“This is a very specific way to target very specific macrophages that play a role in developing cancer. Other researchers have tried to disable all the macrophages, but then they also eliminate the ones that are required for an effective immune response, including cancer, and then the tumour cells survive,” says Anders Etzerodt.

Mice killed because they lived too long

Anders Etzerodt and his colleagues tested their anti-CD163 immunotherapy on mice with skin cancer, pancreatic cancer and ovarian cancer.

The results show that this new immunotherapy can contribute to tumour regression in all cases, including cancer in which traditional immunotherapy, such as checkpoint inhibitors, is not effective.

The results were so convincing in mice that had pancreatic cancer that they survived for 20 weeks instead of the usual 10 weeks. This meant that the researchers had to kill the mice because they were not allowed to perform tests on mice that exceeded twice their life expectancy.

“After 20 weeks, none of the mice had become more ill. This is a very convincing result,” says Anders Etzerodt.

Removing the brakes from a car

Further studies on the mice revealed exactly how the immunotherapy worked.

After the CD163+ macrophages were destroyed in the tumours, the immunosuppressive response was disabled, and monocytes were mobilized into the tumours.

The monocytes have the potential to develop into many macrophage types, including those that are part of the immune response to cancer cells.

In addition, the researchers also found that the tumour tissue was filled with many T cells that drive the body’s response to tumours. Specifically, there was a massive infiltration of the CD8 T cells that destroy the tumour cells.

“The macrophages we disabled play a role in suppressing many of the immune system processes that usually destroy tumours. Disabling the macrophages is like removing the brakes on a car. This causes the immune system to go into overdrive until all tumour cells are destroyed,” says Anders Etzerodt.

Anders Etzerodt hopes that he can continue to develop this new form of immunotherapy. Investors are currently required to take the research to the next stage, and the researchers are in the process of finding the right collaborators.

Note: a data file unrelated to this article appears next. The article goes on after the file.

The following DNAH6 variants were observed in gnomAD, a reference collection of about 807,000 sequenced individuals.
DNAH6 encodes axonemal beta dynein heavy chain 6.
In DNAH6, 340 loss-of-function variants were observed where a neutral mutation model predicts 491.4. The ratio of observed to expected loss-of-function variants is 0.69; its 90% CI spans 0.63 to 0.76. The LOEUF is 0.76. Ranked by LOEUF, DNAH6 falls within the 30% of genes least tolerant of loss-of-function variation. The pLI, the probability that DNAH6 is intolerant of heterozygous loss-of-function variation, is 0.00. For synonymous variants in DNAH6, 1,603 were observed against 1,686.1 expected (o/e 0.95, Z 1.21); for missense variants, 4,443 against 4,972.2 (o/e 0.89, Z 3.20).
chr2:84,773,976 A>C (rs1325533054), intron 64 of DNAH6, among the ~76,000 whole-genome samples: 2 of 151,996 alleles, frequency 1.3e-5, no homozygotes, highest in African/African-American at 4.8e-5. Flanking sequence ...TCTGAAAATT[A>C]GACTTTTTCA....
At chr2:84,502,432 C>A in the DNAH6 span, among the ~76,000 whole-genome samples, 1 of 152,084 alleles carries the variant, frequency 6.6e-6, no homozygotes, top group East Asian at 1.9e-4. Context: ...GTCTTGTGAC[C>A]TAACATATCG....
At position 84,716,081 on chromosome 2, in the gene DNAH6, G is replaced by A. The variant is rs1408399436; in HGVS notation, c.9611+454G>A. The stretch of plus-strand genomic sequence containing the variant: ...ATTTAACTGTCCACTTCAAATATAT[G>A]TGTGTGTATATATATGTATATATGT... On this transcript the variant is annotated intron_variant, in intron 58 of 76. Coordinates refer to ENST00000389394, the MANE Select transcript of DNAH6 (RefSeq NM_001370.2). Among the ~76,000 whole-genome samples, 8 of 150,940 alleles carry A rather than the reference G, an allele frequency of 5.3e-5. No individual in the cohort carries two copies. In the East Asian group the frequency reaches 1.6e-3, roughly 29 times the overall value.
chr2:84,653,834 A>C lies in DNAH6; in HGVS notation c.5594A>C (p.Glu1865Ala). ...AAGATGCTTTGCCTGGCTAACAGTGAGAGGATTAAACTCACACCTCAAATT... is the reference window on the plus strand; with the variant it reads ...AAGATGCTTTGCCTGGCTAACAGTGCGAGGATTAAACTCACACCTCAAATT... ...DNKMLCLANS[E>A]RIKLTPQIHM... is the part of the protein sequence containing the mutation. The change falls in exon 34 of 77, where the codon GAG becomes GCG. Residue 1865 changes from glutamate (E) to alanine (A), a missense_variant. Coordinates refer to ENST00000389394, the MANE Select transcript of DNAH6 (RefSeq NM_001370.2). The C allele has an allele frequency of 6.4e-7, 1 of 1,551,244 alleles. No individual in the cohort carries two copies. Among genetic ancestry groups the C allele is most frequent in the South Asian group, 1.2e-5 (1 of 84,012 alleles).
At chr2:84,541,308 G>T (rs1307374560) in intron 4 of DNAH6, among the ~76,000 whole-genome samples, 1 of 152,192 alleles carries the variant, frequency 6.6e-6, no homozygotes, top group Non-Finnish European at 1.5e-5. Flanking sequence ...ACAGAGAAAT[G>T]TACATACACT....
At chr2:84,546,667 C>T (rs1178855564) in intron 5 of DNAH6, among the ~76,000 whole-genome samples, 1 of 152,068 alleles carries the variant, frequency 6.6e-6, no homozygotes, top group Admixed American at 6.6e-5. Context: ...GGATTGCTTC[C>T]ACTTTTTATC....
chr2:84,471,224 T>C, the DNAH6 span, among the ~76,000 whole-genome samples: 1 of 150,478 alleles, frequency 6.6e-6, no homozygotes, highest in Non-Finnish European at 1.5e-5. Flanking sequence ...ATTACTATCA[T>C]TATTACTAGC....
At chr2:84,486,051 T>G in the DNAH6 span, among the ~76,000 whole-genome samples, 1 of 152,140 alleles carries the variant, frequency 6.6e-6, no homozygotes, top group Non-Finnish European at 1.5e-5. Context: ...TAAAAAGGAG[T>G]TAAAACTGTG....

Specific targeting of CD163+ TAMs mobilizes inflammatory monocytes and promotes T cell–mediated tumor regression” has been published in the Journal of Experimental Medicine. In 2014, the Novo Nordisk Foundation awarded a grant to Anders Etzerodt for the project Investigation into the Role and Use of CD163 as a Therapeutic Target in Tumor-associated Macrophages.

Anders Etzerodt
PhD, Assistant Professor
Tumor-associated macrophages (TAMs) play critical roles in tumor progression but are also capable of contributing to antitumor immunity. Recent studies have revealed an unprecedented heterogeneity among TAMs in both human cancer and experimental models. Nevertheless, we still understand little about the contribution of different TAM subsets to tumor progression. Here, we demonstrate that CD163-expressing TAMs specifically maintain immune suppression in an experimental model of melanoma that is resistant to anti-PD-1 checkpoint therapy. Specific depletion of the CD163+ macrophages results in a massive infiltration of activated T cells and tumor regression. Importantly, the infiltration of cytotoxic T cells was accompanied by the mobilization of inflammatory monocytes that significantly contributed to tumor regression. Thus, the specific targeting of CD163+ TAMs reeducates the tumor immune microenvironment and promotes both myeloid and T cell-mediated antitumor immunity, illustrating the importance of selective targeting of tumor-associated myeloid cells in a therapeutic context.